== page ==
Now, if you’re at all familiar with the Maoist Cultural Revolution, to compare that to those who are simply pushing for their own consumer rights on copyright issues or asking for actual evidence of the need for increasingly draconian copyright system changes, is downright ridiculous and insulting. No one is acting as a revolutionary, demanding “free access” or any sort of “Maoist” revolution. To make such a claim is pure ignorance. While some may disagree with the position Geist and others have taken, they have presented a position based on consumer and individual rights and an understanding of basic legal principles and economics. You can disagree with the conclusions, but to mischaracterize them in such a ridiculous manner raises all sorts of questions about what the copyright “old guard” has to hide. If they cannot respond to basic questions with actual evidence or actual answers, and instead resort to name calling like Dr. Ficsor does above, it seems only reasonable to conclude that there is no evidence to support their position. And when hundreds of thousands of Canadians spoke up to point out the emperor has no clothes, perhaps it’s not surprising that the emperor would lash out in anger, but it simply demonstrates how the “faith-based” nature of those pushing for ever more stringent copyright laws means that they cannot engage in reasoned debate on a position that has no reason behind it.

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Comments on “Hungarian Copyright Treaty Author Insists That Those Who Don't Like Anti-Circumvention Clauses Are 'Hatred-Driven' Maoists”

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Hephaestus (profile) says:

Re: Copyright champions don't know math

🙂 I really like the comments in that post ….

” If Big Content really wanted to make as much money as they could, why not adapt to changing market places, deliver products that people will use and what they want instead of spending WAY too much money trying to force through laws that basically destroy their business?”

“This is just another punctuated joke in the comedy that is the music industry’s epic failure. If a study came out the proved conclusively that file sharing actually increased music sales (as many believe) these clowns would still fight tooth and nail to pass laws to kill off file sharing.”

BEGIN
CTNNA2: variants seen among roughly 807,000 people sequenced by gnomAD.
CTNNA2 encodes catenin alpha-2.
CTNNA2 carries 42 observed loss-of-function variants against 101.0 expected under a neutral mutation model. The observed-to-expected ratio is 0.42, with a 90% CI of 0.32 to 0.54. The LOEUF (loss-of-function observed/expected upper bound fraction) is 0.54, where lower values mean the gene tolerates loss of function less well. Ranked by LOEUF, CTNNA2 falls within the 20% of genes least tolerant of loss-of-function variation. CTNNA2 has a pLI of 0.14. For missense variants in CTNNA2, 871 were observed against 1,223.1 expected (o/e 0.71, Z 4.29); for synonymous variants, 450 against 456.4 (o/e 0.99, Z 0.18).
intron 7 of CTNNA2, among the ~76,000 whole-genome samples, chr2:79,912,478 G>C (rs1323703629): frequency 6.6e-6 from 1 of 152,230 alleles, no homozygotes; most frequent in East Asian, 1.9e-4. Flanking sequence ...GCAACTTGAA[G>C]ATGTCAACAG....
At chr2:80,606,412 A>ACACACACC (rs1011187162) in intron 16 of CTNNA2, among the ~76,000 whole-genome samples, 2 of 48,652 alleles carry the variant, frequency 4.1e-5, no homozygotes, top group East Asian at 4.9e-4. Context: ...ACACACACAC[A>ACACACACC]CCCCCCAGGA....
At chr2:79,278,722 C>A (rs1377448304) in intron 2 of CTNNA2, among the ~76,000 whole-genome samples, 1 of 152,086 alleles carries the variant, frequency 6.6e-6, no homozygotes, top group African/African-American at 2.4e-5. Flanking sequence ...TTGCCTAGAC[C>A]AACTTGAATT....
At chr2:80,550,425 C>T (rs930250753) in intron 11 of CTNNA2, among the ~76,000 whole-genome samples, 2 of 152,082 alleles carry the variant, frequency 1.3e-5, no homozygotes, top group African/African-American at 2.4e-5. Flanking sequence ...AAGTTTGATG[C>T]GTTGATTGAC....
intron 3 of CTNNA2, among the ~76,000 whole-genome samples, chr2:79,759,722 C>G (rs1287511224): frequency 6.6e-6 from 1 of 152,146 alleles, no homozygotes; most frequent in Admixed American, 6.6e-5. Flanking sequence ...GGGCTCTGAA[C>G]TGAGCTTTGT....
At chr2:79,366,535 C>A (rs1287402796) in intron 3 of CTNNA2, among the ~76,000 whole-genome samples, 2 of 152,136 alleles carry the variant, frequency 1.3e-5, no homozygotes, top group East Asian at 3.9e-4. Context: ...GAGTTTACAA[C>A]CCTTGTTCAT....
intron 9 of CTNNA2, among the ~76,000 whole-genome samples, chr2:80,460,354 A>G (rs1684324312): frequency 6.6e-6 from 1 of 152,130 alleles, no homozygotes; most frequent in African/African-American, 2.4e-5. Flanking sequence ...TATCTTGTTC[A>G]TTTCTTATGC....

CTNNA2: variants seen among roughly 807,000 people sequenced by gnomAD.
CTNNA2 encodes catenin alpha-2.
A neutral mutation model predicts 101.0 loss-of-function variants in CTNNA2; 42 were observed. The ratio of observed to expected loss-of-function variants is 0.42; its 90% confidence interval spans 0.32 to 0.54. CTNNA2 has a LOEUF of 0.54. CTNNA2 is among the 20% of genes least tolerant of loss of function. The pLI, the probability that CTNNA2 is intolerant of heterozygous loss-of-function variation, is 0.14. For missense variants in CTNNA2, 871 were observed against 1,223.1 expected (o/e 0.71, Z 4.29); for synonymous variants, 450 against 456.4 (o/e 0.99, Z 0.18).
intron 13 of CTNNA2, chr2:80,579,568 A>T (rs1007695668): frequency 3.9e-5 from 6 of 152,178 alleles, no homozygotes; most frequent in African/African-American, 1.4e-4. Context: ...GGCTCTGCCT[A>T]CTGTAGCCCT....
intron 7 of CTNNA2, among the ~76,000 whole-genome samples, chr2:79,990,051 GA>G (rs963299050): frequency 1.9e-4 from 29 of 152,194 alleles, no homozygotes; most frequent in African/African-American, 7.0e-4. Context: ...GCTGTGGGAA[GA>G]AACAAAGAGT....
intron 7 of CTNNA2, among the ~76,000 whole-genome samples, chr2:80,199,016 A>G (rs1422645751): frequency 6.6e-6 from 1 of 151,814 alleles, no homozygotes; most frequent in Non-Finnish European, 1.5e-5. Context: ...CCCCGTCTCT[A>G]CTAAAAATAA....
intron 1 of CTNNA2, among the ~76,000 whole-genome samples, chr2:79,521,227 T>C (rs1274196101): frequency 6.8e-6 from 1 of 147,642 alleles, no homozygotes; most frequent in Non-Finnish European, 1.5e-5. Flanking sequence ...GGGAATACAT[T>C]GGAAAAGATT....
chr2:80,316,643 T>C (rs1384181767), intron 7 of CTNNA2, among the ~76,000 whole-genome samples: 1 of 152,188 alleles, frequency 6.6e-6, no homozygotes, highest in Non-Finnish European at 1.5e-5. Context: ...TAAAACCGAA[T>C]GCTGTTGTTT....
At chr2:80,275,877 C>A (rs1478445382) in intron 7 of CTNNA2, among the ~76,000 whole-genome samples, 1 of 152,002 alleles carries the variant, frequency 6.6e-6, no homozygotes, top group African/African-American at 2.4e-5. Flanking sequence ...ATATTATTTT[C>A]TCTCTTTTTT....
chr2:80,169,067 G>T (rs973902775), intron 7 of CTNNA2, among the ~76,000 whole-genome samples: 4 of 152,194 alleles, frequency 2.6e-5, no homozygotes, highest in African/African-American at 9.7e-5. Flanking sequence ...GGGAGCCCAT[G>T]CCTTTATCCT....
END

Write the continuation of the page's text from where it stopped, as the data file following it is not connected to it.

“This summer, EU Commissioner Viviane Reding said that increased piracy was a “vote of no-confidence in existing business models and legal solutions,” adding that it should be a “wake-up call for policy-makers.” The UK’s All Party Parliamentary Communications Group also concluded this year that “much of the problem with illegal sharing of copyrighted material has been caused by the rightsholders, and the music industry in particular, being far too slow in getting their act together and making popular legal alternatives available.” “

“Is legislation going to translate in more sales of Lady Gaga? NO, it wont. Piracy isn’t the issue any longer. It’s their inability, and general stubbornness to evolve and compete in the ever changing market. The politicians need to b!tch slap the major labels and tell them to grow a pair.”

And the post it self …..

“The BPI-commissioned study puts P2P use in the UK at 23 percent (among Internet users aged 16-54). The global music industry trade group IFPI says that P2P use hovers at around 18 percent in Europe as a whole.”

Laurel L. Russwurm (profile) says:

those middlemen are sure fighting hard

Some food for thought… yes, evidence would be good. My suspicion is that they can’t present evidence because I am quite certain it would prove the opposite: excess copyright HARMS creation.

You know, the funny thing is, if the existing middlemen weren’t behaving like jerks they might have carved out new ways of distribution with the emerging independent artists. Guess it’s tough to accept anything less after absolute power. Instead, when the indies are established enough to hire distributors there sure isn’t going to be work for the old guard as the entirely new industry will have it sewn up.

As one whose grandparents escaped from Russia during the revolution, I have always had a powerful interest in what happened when it became the Soviet Union. From everything I have learned over the years, there was never “free access” to anything except for those few elite (Orwell’s “pigs”) in positions of power. Perhaps Dr. Ficsor wasn’t one of that elite, and now that he sees himself as such an exalted authority he is distressed that we won’t slavishly follow his opinion. How dare anyone disagree with him.